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Visual Studio 11 and DevOps Crossing Paths?

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Visual Studio 11 and DevOps Crossing Paths?

· DevOps Zone ·
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Learn how integrating security into DevOps to deliver "DevSecOps" requires changing mindsets, processes and technology.

The folks at Redmond have released some juicy new details about their latest version of Visual Studio that's set to go into beta on February 29th. It looks like Microsoft has been feeling the DevOps vibe of late and have taken action to implement tools that allow developers and operations personnel to frolick together (much like Puppet and Chef) in Visual Studio 11 projects.  Major integrations with other "Ops" tools that Microsoft produces is a big part of this.  Michael Crump shares his thoughts on some of the changes over in a post in our .NET Zone.

In the past, one of the gripes that devs had was getting some sort of "actionable feedback" from the guys (or sometimes girls) at the operations staff about their programs. By embracing DevOps (and noticing the serious trend), Microsoft is joining the movement to try to shorten that distance between the two groups so programs can be deployed quickly and with fewer bugs.  They've already created a good deal of agile-focused tooling that fits right into the DevOps philosophy, but more is being done in today's announcement.

One of the ways Microsoft is trying to encourage DevOps is a to integrate a bridge to Microsoft System Center 2012, which is a mangement tool used by operations that also collects diagnostic information that can help developers track down and squash bugs. This is actually really cool because, on the user end, operations can work with System Center, which is familiar to them, and devs work with Visual Studio, which is their cup of tea. But of course, it's important to note that DevOps is also about company culture, so these tools won't save you if your communication situation sucks.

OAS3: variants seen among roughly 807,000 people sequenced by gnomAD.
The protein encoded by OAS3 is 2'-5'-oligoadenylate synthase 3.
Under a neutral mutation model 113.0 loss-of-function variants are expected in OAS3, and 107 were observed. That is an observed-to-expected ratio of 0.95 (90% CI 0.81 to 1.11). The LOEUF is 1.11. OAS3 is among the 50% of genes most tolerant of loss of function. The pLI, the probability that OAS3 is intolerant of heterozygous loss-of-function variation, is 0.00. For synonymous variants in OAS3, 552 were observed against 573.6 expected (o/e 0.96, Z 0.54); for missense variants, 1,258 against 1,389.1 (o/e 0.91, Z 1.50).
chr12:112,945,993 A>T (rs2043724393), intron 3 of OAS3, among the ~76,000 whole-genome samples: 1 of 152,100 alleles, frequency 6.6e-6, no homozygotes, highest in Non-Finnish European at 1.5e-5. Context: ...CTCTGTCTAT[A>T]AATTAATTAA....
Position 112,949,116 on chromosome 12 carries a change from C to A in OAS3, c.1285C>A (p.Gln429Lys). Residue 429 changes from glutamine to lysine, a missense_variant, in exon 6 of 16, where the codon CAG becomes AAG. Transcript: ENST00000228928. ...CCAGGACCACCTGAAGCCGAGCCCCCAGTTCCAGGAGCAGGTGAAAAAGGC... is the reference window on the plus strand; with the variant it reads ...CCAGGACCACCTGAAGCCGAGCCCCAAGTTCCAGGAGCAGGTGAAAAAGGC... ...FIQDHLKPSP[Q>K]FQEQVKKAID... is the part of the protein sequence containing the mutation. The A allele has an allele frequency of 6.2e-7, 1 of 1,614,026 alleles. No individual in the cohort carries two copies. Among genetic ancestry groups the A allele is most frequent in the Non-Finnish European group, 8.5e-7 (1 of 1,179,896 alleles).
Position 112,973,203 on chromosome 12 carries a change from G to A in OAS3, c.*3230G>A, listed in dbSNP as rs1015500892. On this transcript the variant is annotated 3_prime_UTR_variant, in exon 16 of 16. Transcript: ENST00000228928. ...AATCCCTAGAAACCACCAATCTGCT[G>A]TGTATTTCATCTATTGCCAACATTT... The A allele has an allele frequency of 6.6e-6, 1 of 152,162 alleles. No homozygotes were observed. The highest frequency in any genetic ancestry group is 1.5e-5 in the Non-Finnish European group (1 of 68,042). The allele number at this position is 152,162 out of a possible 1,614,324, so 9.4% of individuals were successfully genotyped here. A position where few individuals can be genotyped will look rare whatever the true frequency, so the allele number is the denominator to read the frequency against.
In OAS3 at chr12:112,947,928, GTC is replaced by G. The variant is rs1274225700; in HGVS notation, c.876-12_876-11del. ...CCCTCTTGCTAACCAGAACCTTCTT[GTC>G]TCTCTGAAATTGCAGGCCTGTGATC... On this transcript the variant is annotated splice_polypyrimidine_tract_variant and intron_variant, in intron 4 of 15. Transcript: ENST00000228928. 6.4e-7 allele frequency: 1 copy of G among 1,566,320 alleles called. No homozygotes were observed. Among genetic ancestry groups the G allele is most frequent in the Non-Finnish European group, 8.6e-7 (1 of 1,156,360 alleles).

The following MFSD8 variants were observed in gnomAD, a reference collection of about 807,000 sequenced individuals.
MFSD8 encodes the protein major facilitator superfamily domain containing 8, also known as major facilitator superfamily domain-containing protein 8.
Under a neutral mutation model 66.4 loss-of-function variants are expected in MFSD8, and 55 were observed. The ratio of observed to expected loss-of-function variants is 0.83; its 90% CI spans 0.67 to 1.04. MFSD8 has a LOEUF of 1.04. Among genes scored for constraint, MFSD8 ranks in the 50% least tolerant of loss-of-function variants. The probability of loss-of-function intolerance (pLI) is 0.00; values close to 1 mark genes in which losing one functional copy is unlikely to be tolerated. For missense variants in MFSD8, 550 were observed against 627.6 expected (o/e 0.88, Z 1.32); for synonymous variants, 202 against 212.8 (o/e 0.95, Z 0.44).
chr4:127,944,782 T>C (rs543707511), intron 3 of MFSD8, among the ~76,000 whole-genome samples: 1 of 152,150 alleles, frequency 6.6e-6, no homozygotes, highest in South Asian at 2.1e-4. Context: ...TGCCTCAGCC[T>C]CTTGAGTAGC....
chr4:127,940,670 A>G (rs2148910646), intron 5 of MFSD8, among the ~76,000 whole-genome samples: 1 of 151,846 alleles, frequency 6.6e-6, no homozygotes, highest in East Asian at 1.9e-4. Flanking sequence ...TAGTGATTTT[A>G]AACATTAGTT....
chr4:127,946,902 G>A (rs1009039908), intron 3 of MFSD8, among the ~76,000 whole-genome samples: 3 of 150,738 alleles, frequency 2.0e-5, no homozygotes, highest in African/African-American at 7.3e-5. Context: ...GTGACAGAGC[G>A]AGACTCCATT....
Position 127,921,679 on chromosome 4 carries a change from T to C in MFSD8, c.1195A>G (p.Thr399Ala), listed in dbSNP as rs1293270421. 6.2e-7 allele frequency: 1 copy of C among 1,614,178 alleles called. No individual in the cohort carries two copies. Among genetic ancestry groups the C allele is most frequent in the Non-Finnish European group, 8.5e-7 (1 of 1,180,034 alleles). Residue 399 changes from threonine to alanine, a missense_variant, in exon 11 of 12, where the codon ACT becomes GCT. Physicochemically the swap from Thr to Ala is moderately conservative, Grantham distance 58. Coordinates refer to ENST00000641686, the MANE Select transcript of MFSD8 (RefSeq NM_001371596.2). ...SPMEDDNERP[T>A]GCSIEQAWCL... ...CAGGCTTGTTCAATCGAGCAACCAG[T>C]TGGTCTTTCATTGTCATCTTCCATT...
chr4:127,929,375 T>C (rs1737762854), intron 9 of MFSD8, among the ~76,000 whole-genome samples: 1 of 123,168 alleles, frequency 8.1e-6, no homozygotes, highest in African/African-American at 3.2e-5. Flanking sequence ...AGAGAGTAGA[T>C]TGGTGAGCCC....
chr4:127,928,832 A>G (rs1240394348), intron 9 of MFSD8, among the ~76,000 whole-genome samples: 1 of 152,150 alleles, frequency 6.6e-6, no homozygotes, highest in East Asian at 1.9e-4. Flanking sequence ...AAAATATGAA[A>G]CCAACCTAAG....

Another tool being integrated is a newer version of VS's IntelliTrace for operations, which is a live debugging aid that can be planted with the operational program itself.  This means that a trace log leading up to a crash can be extracted from a production server, even if Visual Studio isn't on the server. Operations can then shoot this summary over to the devs, who can analyze the file in Visual Studio.

Microsoft seems to be knee-deep in the DevOps movement, even claiming that they've been using the philosophy to build Visual Studio itself. So as a developer or member of an operations team, do you think this will lead to less headaches and more polished releases?

Get the Beta next week to find out!

Learn how enterprises are using tools to automate security in their DevOps toolchain with these DevSecOps Reference Architectures.


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